Upon hearing the news that a friend or family member has been diagnosed with a serious illness like cancer, it can be difficult to come up with the right words to say.
Research encourages us to remember that people in a crisis do better if they have strong and appropriate emotional support.
CancerCare (www.cancercare.org) offers some tips on how to reach out to a newly diagnosed loved one in a meaningful way:
- Listen. Often we are tempted to say “you will be OK” when fear or sadness are expressed. However, your ability to listen without judgment or “cheerleading” can be one of the most meaningful contributions you can offer.
- Stay connected. Checking in regularly over the long haul is important. Cards work well, even on days when fatigue may make long conversations or visits difficult.
- Share advice when you are asked but support their treatment decisions: Offering to research information on the diagnosis may be helpful. Avoid saying, “You should try…”
- Keep the caregiver in mind: Often the main family caregivers put their own physical and emotional wellbeing on hold.
- When offering to help be specific: Rather than saying “Call me if I can do anything” try “I’ll bring dinner over on Tuesday” or “I’ll walk your dog on weekday mornings.”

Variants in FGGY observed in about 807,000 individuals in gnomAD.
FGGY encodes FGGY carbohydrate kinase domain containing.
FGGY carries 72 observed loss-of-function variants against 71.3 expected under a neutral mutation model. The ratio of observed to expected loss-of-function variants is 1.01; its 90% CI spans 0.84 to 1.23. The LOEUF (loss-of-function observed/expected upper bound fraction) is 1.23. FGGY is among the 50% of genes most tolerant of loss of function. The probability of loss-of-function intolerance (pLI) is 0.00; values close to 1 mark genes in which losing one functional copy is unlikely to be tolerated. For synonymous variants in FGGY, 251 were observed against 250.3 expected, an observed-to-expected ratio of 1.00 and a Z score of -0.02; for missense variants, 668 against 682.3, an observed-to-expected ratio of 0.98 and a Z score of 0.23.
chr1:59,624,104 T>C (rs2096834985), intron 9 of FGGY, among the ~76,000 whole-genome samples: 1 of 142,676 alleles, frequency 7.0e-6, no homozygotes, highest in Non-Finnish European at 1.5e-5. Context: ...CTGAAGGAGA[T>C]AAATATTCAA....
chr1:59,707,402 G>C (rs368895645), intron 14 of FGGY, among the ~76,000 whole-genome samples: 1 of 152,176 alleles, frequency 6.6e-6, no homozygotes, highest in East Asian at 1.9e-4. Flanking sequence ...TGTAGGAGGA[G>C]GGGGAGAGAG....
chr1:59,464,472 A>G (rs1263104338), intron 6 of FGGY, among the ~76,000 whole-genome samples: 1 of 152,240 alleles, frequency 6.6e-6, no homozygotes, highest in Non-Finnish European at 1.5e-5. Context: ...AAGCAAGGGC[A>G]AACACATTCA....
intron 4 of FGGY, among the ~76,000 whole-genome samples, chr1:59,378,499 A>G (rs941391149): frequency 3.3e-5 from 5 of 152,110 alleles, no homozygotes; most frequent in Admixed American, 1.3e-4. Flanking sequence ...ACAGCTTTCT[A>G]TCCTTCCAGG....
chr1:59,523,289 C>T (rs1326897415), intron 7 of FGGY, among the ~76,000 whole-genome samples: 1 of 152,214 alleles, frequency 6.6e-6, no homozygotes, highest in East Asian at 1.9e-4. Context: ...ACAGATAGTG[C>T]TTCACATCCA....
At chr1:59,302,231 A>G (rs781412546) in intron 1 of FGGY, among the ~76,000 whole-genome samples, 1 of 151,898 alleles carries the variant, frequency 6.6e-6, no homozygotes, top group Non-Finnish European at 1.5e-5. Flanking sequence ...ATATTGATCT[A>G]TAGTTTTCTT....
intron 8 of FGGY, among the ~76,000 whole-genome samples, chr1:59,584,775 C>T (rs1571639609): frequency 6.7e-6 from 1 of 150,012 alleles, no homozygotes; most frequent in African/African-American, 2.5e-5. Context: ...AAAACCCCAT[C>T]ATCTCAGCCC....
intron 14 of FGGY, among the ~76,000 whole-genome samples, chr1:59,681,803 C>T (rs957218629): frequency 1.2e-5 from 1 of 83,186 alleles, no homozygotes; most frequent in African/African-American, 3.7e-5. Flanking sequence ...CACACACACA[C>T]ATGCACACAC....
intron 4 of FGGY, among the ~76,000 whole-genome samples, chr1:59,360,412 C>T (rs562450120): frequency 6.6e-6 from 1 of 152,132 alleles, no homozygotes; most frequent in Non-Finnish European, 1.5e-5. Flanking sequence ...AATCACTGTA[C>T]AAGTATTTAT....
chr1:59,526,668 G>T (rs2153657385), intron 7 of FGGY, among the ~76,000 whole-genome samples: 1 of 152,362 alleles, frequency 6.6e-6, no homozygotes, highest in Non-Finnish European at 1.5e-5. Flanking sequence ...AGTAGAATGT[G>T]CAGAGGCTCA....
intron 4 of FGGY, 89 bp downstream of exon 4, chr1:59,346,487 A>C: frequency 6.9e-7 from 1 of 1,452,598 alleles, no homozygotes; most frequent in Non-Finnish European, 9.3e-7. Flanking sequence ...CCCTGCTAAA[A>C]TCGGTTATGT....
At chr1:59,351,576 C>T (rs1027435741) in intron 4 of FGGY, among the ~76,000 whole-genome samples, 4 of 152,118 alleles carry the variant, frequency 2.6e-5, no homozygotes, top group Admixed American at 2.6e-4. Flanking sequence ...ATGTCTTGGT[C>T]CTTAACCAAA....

- Honor their need to keep things “normal.” Be sensitive to the fact that for the person experiencing a serious illness, occasionally doing their routine “pre illness” tasks can lesson their sense that their life is being consumed by the diagnosis.
- Stay attentive to their needs once treatment is over: Many people completing treatment for cancer report that, “It’s not over when it’s over.” Your listening ear may be especially appreciated during this is the time when the enormity of what they have been through suddenly hits home.
- Learn about the diagnosis: Seek out information from reputable professionals and organizations.